Hopelessness and positive and negative future thinking in parasuicide


Correspondence should be addressed to Dr Andrew MacLeod, Department of Psychology, Royal Holloway, University of London, Egham Hill, Egham, Surrey TW20 0EX, UK (e-mail: a.macleod@rhul.ac.uk).


Objectives. Hopelessness about the future is a key element in suicidal behaviour. The aim of the present study was to examine possible components of hopelessness, in particular, to contrast positive and negative future thinking and to examine separately number, expectancy, and value of anticipated positive and negative future experiences.

Design. A correlational design.

Method. Repeat parasuicide patients (N=441) were administered the Beck Hopelessness Scale, the Hospital Anxiety and Depression Scale and the future thinking task, a measure of future positive and negative thinking that assesses number, perceived likelihood, and perceived value of anticipated future positive and negative events.

Results. Consistent with predictions, hopelessness correlated more strongly with lack of positive thoughts about the future than it did with presence of negative thoughts. Both positive and negative future thinking showed a relationship to hopelessness over and above their relationships to depression (positive future thinking) and anxiety (negative future thinking). Number and likelihood of positive events and likelihood and value of negative events showed both simple and partial relationships to hopelessness. Number of negative events related to hopelessness but only after the other future thinking variables had been controlled for and value of positive events no longer related to hopelessness after controlling for the other variables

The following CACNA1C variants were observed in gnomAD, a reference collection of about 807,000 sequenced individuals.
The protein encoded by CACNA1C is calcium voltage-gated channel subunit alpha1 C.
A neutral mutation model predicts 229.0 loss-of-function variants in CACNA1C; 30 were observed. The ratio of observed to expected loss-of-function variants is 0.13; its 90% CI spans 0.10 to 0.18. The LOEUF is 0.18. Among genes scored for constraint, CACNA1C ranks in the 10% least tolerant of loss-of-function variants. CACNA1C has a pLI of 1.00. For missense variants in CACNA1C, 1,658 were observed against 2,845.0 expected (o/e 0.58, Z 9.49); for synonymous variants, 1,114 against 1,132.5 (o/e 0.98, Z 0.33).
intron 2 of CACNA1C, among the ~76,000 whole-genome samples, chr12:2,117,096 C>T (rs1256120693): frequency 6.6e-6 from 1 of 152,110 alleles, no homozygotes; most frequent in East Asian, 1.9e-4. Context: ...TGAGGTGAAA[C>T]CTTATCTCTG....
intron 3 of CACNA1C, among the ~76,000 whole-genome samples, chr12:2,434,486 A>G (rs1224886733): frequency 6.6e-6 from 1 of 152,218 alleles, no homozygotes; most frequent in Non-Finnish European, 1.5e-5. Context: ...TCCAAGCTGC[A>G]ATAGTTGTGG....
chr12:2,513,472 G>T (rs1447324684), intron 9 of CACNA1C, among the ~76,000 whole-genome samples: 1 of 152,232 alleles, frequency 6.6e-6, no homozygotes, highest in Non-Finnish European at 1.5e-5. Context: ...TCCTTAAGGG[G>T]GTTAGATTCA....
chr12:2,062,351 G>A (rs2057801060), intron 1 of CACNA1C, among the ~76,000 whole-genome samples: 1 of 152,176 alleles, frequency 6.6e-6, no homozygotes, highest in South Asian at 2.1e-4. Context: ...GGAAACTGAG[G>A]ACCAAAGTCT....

Conclusions. Hopelessness about the future in suicidal individuals is a multi-faceted construct but lack of positive future thinking is more important than presence of negative future thinking.